On this morning’s WJR Business Beat, Jeff welcomes back John Gallagher, former Detroit Free Press columnist, noted author and WJR Business Beat reporter, who shares his review of Thursday’s sessions during Detroit Startup Week.
Listen to John’s insights, below:
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“If Detroit Startup Week is demonstrating anything, it’s that the startup world is adapting to the new normal created by the coronavirus lockdown.”
– John Gallagher
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Good morning, Paul.
Well, as you know, this is Detroit Startup Week, going on all week here in Detroit this year, it’s all virtual, no in person meetings or events at all, all taking place online. The first of its kind in the world, as I understand, and we’ve got our Business Beat reporter, our StartupNation Business Beat reporter, John Gallagher, who’s going to give us a review from yesterday’s conference.
If Detroit Startup Week is demonstrating anything, it’s that the startup world is adapting to the new normal created by the coronavirus lockdown. Thursday morning saw a thoughtful discussion of social entrepreneurship, featuring Dr. Marcus Harris, the lecturer in entrepreneurship at the university of Michigan Dearborn dispelling the myth that social entrepreneurs are somehow different from all other entrepreneurs.
Harris said that social entrepreneurship follows the same process that traditional entrepreneurship does. Quote, “You still have to raise capital,” he said. “You still have to have a product or service that fills a customer or market need.” What’s different, he said, is the motivation. The goal is to pursue a social mission, perhaps creating more jobs for low income people or generating profits to share with the community.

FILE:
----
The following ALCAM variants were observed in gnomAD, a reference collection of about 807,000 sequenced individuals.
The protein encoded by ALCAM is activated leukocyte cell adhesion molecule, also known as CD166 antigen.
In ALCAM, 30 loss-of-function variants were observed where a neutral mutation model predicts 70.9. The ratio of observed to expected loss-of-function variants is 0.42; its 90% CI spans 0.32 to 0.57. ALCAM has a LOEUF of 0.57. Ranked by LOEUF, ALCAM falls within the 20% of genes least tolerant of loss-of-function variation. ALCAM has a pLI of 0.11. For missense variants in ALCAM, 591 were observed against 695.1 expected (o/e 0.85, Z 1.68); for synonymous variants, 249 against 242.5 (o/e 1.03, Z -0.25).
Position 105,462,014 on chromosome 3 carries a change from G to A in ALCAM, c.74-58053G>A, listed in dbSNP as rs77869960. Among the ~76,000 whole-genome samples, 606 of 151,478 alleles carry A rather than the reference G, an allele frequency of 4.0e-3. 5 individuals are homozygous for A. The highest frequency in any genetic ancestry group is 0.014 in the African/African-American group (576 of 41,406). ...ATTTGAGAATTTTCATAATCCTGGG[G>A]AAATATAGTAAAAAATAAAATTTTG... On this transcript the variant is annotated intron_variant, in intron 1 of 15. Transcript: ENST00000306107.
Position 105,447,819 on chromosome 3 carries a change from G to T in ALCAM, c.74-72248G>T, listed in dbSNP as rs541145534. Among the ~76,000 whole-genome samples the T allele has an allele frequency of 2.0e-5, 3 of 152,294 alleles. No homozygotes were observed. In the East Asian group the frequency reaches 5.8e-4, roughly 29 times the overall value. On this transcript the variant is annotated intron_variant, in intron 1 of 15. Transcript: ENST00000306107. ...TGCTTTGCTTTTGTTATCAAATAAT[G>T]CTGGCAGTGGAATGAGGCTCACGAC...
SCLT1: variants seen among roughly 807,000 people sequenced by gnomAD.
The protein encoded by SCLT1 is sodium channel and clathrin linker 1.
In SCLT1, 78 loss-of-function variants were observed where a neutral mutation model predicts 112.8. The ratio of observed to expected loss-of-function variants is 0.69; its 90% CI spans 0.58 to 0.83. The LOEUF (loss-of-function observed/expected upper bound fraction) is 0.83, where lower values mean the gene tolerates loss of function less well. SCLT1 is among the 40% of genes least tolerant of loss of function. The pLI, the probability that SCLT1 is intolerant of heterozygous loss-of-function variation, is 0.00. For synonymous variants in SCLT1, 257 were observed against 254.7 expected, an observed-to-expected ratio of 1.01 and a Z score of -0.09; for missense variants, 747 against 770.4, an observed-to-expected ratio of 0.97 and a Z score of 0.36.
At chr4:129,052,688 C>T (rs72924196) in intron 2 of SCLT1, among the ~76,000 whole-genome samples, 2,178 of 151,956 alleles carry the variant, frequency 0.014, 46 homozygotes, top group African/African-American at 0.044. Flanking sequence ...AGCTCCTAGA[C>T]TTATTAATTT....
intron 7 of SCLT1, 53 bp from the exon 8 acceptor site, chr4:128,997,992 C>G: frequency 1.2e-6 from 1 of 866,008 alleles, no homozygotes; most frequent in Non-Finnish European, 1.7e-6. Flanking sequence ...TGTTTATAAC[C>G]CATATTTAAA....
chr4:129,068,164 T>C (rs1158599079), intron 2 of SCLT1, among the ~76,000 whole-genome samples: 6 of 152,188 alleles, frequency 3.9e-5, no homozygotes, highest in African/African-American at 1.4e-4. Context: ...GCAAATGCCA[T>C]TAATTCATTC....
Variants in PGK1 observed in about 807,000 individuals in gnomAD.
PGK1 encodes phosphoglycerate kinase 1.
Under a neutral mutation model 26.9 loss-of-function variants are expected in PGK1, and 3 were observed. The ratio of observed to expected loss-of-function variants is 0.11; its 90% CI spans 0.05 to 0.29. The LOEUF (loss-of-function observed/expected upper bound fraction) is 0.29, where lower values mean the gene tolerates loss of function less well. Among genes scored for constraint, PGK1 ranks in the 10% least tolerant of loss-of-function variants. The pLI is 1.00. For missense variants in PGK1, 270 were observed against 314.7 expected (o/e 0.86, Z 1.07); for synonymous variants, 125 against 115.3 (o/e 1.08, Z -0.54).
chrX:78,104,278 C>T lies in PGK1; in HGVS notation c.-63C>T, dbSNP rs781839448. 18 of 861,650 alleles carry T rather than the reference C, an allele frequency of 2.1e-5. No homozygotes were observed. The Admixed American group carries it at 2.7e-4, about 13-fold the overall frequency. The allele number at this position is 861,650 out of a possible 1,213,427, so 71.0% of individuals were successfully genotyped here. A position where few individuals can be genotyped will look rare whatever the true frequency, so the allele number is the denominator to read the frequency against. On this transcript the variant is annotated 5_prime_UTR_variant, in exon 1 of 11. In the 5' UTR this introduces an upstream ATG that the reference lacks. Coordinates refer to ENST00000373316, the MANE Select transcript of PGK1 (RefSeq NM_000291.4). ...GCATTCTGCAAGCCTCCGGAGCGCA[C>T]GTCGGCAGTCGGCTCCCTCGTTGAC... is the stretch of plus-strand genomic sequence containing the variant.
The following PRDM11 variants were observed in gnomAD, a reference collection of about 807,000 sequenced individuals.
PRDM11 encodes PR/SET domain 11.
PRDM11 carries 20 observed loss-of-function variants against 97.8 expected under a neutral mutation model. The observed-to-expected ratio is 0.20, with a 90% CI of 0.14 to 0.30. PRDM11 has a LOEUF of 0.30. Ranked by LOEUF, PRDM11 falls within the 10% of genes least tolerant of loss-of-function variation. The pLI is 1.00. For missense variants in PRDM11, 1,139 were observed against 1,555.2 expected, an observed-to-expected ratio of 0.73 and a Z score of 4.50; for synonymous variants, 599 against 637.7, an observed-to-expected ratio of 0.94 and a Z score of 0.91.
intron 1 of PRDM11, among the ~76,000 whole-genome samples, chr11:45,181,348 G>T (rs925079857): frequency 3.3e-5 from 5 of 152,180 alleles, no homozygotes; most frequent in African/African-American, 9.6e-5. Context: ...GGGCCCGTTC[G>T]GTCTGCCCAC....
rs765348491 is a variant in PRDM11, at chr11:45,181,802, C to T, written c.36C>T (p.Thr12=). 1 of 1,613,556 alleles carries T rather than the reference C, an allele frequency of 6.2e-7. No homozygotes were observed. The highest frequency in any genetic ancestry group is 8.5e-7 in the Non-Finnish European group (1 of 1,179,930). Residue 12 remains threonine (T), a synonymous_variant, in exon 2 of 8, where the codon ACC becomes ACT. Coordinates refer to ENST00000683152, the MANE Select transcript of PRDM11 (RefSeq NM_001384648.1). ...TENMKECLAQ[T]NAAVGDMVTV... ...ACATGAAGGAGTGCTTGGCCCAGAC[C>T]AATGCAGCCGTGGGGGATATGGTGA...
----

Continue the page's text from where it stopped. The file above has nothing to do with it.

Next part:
But you’re pursuing that social mission through commercial means. Generating social value begins with having a successful business. Quote, “social entrepreneurs make money,” Harris said. They still generate profits. The only difference is that the main goal is designed to create social impact. He cited the example of Greyston Bakery in Yonkers, New York, whose motto is, quote, “We don’t hire people to bake brownies. We bake brownies to hire people.”
Jeff Sloan, CEO of StartupNation, said the coronavirus crisis has revealed how unnecessary were some of the old ways of doing this, like flying to the west coast for a one-hour business meeting. A lot of these things are being shaken out of business today, he said, but it took a crisis to break down such hardened business habits.
“It was a hard thing to disrupt how we were doing business before,” he said.
These sessions and more at Detroit Startup Week illustrate that the coronavirus crisis presents opportunities for entrepreneurs as well as challenges. As Jeff Sloan said, quote, “Now more than ever, the intuition of an entrepreneur comes into play today like never before.”
For StartupNation, this is John Gallagher.
Thanks John. We’ve got one more great day of Detroit Startup Week ahead.
Don’t miss it today. A couple of highlights to point out. We’ve got women owned businesses in Michigan, that’s StartupNation Radio live featuring RJ King and Monica Wheat. That’ll be at 10:00 AM to 11:00 AM today.
And then, how about The Power of a Photograph led by the one and only Linda Solomon, check that out at 11:00 AM today as well.
There’s lots of other great programming and I’m Jeff Sloan, founder and CEO of StartupNation.com, and that’s today’s Business Beat on the Great Voice of the Great Lakes, WJR.
This segment brought to you by Dell Technologies.